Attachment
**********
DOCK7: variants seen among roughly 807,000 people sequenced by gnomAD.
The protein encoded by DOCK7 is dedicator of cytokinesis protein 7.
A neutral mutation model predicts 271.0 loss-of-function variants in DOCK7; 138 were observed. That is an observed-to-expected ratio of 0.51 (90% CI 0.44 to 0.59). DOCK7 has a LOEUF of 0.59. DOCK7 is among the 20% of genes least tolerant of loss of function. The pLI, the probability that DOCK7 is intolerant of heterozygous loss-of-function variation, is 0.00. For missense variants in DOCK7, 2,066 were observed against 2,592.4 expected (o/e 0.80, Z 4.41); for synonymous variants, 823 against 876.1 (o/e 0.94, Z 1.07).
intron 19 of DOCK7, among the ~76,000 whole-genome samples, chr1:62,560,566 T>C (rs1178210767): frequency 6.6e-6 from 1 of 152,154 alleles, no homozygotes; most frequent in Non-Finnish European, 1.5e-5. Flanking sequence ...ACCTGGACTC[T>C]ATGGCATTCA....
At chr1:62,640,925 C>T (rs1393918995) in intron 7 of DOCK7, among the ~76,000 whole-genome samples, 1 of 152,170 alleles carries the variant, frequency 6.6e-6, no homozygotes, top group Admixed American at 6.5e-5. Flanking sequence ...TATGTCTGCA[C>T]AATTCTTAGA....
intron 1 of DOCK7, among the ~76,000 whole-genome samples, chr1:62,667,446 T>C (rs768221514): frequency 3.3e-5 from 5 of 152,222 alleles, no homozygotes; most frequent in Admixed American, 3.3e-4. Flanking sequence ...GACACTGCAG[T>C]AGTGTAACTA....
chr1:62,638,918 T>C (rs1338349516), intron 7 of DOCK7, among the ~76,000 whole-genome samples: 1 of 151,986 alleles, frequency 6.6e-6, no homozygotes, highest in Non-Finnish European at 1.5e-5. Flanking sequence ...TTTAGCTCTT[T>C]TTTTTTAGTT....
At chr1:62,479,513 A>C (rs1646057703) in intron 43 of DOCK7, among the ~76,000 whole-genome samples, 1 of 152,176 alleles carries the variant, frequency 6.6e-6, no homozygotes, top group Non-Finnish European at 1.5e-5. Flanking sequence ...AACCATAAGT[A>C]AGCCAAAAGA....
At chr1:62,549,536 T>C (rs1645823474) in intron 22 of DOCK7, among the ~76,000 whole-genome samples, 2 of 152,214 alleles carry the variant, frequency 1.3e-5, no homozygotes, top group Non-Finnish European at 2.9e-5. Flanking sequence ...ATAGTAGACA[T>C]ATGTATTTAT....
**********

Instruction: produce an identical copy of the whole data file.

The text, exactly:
DOCK7: variants seen among roughly 807,000 people sequenced by gnomAD.
The protein encoded by DOCK7 is dedicator of cytokinesis protein 7.
A neutral mutation model predicts 271.0 loss-of-function variants in DOCK7; 138 were observed. That is an observed-to-expected ratio of 0.51 (90% CI 0.44 to 0.59). DOCK7 has a LOEUF of 0.59. DOCK7 is among the 20% of genes least tolerant of loss of function. The pLI, the probability that DOCK7 is intolerant of heterozygous loss-of-function variation, is 0.00. For missense variants in DOCK7, 2,066 were observed against 2,592.4 expected (o/e 0.80, Z 4.41); for synonymous variants, 823 against 876.1 (o/e 0.94, Z 1.07).
intron 19 of DOCK7, among the ~76,000 whole-genome samples, chr1:62,560,566 T>C (rs1178210767): frequency 6.6e-6 from 1 of 152,154 alleles, no homozygotes; most frequent in Non-Finnish European, 1.5e-5. Flanking sequence ...ACCTGGACTC[T>C]ATGGCATTCA....
At chr1:62,640,925 C>T (rs1393918995) in intron 7 of DOCK7, among the ~76,000 whole-genome samples, 1 of 152,170 alleles carries the variant, frequency 6.6e-6, no homozygotes, top group Admixed American at 6.5e-5. Flanking sequence ...TATGTCTGCA[C>T]AATTCTTAGA....
intron 1 of DOCK7, among the ~76,000 whole-genome samples, chr1:62,667,446 T>C (rs768221514): frequency 3.3e-5 from 5 of 152,222 alleles, no homozygotes; most frequent in Admixed American, 3.3e-4. Flanking sequence ...GACACTGCAG[T>C]AGTGTAACTA....
chr1:62,638,918 T>C (rs1338349516), intron 7 of DOCK7, among the ~76,000 whole-genome samples: 1 of 151,986 alleles, frequency 6.6e-6, no homozygotes, highest in Non-Finnish European at 1.5e-5. Flanking sequence ...TTTAGCTCTT[T>C]TTTTTTAGTT....
At chr1:62,479,513 A>C (rs1646057703) in intron 43 of DOCK7, among the ~76,000 whole-genome samples, 1 of 152,176 alleles carries the variant, frequency 6.6e-6, no homozygotes, top group Non-Finnish European at 1.5e-5. Flanking sequence ...AACCATAAGT[A>C]AGCCAAAAGA....
At chr1:62,549,536 T>C (rs1645823474) in intron 22 of DOCK7, among the ~76,000 whole-genome samples, 2 of 152,214 alleles carry the variant, frequency 1.3e-5, no homozygotes, top group Non-Finnish European at 2.9e-5. Flanking sequence ...ATAGTAGACA[T>C]ATGTATTTAT....